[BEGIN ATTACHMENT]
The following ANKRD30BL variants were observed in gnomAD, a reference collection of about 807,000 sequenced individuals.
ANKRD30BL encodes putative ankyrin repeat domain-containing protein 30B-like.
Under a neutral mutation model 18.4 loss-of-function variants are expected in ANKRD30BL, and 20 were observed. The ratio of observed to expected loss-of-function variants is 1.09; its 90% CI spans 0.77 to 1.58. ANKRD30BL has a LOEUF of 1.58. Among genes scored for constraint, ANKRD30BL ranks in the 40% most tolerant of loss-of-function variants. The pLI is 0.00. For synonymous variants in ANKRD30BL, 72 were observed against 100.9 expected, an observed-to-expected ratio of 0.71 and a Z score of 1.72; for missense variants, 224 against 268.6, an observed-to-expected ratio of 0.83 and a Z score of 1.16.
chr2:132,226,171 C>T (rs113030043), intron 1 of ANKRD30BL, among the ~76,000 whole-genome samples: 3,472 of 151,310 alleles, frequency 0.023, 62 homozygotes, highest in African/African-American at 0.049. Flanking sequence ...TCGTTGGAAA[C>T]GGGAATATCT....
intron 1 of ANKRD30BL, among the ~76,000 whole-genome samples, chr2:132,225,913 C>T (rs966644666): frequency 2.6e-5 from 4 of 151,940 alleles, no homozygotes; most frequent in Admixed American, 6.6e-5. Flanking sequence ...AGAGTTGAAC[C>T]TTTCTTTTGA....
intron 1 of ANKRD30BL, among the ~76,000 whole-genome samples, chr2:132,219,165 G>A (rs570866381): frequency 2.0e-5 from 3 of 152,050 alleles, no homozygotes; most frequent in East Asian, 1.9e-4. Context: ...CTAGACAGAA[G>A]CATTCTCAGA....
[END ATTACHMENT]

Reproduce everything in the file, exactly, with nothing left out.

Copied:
The following ANKRD30BL variants were observed in gnomAD, a reference collection of about 807,000 sequenced individuals.
ANKRD30BL encodes putative ankyrin repeat domain-containing protein 30B-like.
Under a neutral mutation model 18.4 loss-of-function variants are expected in ANKRD30BL, and 20 were observed. The ratio of observed to expected loss-of-function variants is 1.09; its 90% CI spans 0.77 to 1.58. ANKRD30BL has a LOEUF of 1.58. Among genes scored for constraint, ANKRD30BL ranks in the 40% most tolerant of loss-of-function variants. The pLI is 0.00. For synonymous variants in ANKRD30BL, 72 were observed against 100.9 expected, an observed-to-expected ratio of 0.71 and a Z score of 1.72; for missense variants, 224 against 268.6, an observed-to-expected ratio of 0.83 and a Z score of 1.16.
chr2:132,226,171 C>T (rs113030043), intron 1 of ANKRD30BL, among the ~76,000 whole-genome samples: 3,472 of 151,310 alleles, frequency 0.023, 62 homozygotes, highest in African/African-American at 0.049. Flanking sequence ...TCGTTGGAAA[C>T]GGGAATATCT....
intron 1 of ANKRD30BL, among the ~76,000 whole-genome samples, chr2:132,225,913 C>T (rs966644666): frequency 2.6e-5 from 4 of 151,940 alleles, no homozygotes; most frequent in Admixed American, 6.6e-5. Flanking sequence ...AGAGTTGAAC[C>T]TTTCTTTTGA....
intron 1 of ANKRD30BL, among the ~76,000 whole-genome samples, chr2:132,219,165 G>A (rs570866381): frequency 2.0e-5 from 3 of 152,050 alleles, no homozygotes; most frequent in East Asian, 1.9e-4. Context: ...CTAGACAGAA[G>A]CATTCTCAGA....